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February 2, 2013

Alcohol Yields

How Much "Moonshine" Will a Still Produce?

We often get questions like these: "How much moonshine will 5 gallons of mash make?" and "How much moonshine will be produced by a 10 gallon still?"

Before we answer this question, lets us remind you that producing alcohol at home (for consumption) is illegal. If you want to distill alcohol, you'll need a federal fuel alcohol permit (which is free and easy to obtain). It will allow you to produce alcohol (but doesn't allow you to drink it).

Alright, moving on... The amount of alcohol produced by a still depends on starting alcohol and final proof. In this article we'll explain how to determine how much alcohol to expect from a run.

For the instant gratification seekers in the crowd, here's the short answer:

  • A 1 gallon run will yield 3-6 cups of alcohol
  • A 5 gallon run will yield 1-2 gallons of alcohol
  • A 10 gallon run will yield 2-4 gallons of alcohol

For the researchers, science nerds, alchemists, and truth seekers, here's why:

Starting Alcohol

Starting alcohol can vary significantly, having a big impact on the final yield. Starting alcohol is generally expressed as "alcohol by volume" or ABV and it can vary greatly from one batch of shine to the next. It's simply the percentage of alcohol in a solution of alcohol wash. For example a 10 gallon wash that contains 1 gallon of pure alcohol will have an ABV of 10%. The higher the starting alcohol, the higher the potential yield.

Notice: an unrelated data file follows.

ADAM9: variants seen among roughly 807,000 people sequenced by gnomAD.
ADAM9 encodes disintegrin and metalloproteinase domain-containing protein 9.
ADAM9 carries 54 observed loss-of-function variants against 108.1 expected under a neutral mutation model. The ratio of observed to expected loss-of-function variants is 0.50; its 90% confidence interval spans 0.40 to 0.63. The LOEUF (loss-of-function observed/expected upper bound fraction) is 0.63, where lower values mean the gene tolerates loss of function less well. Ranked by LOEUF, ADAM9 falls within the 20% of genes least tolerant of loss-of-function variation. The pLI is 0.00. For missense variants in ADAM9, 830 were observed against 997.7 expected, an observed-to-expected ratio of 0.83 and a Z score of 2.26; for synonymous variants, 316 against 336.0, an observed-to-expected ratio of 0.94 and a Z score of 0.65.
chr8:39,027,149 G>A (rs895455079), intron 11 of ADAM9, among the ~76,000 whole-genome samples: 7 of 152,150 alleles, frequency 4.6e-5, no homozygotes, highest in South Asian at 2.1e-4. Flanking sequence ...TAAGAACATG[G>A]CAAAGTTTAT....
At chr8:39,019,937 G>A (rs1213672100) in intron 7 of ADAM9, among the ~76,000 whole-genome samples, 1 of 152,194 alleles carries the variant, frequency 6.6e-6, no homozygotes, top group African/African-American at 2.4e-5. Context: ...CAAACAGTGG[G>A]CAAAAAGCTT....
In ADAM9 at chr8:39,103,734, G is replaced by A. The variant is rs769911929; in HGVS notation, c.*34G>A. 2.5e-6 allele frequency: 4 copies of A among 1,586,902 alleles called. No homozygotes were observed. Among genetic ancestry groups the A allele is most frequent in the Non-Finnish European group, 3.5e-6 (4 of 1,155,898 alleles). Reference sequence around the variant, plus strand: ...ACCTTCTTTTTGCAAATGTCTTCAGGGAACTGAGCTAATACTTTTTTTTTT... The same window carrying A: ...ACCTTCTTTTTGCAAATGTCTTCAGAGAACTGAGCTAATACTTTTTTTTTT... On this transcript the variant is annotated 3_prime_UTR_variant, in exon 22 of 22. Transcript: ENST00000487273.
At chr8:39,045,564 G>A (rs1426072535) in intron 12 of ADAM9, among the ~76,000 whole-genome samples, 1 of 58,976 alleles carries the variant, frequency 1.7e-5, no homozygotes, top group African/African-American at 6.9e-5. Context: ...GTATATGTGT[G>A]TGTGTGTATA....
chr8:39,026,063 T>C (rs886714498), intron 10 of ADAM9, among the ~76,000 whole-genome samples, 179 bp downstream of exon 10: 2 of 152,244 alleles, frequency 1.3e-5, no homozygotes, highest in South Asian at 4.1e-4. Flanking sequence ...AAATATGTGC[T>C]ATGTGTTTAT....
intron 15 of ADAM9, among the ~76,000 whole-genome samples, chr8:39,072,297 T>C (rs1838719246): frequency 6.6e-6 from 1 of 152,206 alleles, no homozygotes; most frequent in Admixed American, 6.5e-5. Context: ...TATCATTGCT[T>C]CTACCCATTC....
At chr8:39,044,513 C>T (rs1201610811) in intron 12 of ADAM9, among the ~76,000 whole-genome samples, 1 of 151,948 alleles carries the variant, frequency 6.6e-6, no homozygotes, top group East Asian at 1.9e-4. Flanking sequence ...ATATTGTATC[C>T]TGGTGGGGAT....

The starting alcohol of a wash is dependent on two things: the amount of fermentable sugar produced by the mash, or added in lieu of making a mash, and the type of yeast used.

Fermentable sugar

Fermentable sugar is exactly what it sounds like - the amount of sugar available to be eaten by yeast that can later be turned into alcohol. If there isn't very much sugar then there won't be much alcohol. However, too much sugar is wasteful. The amount of sugar needed depends on the recipe, the size of the batch, and the potential alcohol production by the yeast. Though, in general, the more fermentable sugar there is in the mash, the higher the potential starting alcohol and the higher the yield.

Yeast

The type of yeast used is very important as well. Bread yeast (the kind that can be purchased at a grocery store) will produce starting alcohol in the 10% range, whereas a strong distillers yeast may produce starting alcohol as high as 20%. This is due to two factors. First, distillers yeast has been bread to withstand higher concentrations of ambient alcohol. Where a bread yeast might die off once starting alcohol has reached 10 or 12%, a distillers yeast will still thrive, and will do so until ambient alcohol has increased to a much higher level (20% or so). Second, some distillers yeasts are packaged with loads of yeast nutrients i.e. Turbo 24, 48, etc. This can actually be a bad thing, as the excess nutrients contained in turbo yeasts can cause off flavors in the final product. Checkout our article "Bourbon, Whiskey, Vodka and Moonshine - How Much Yeast?" for more information on yeast.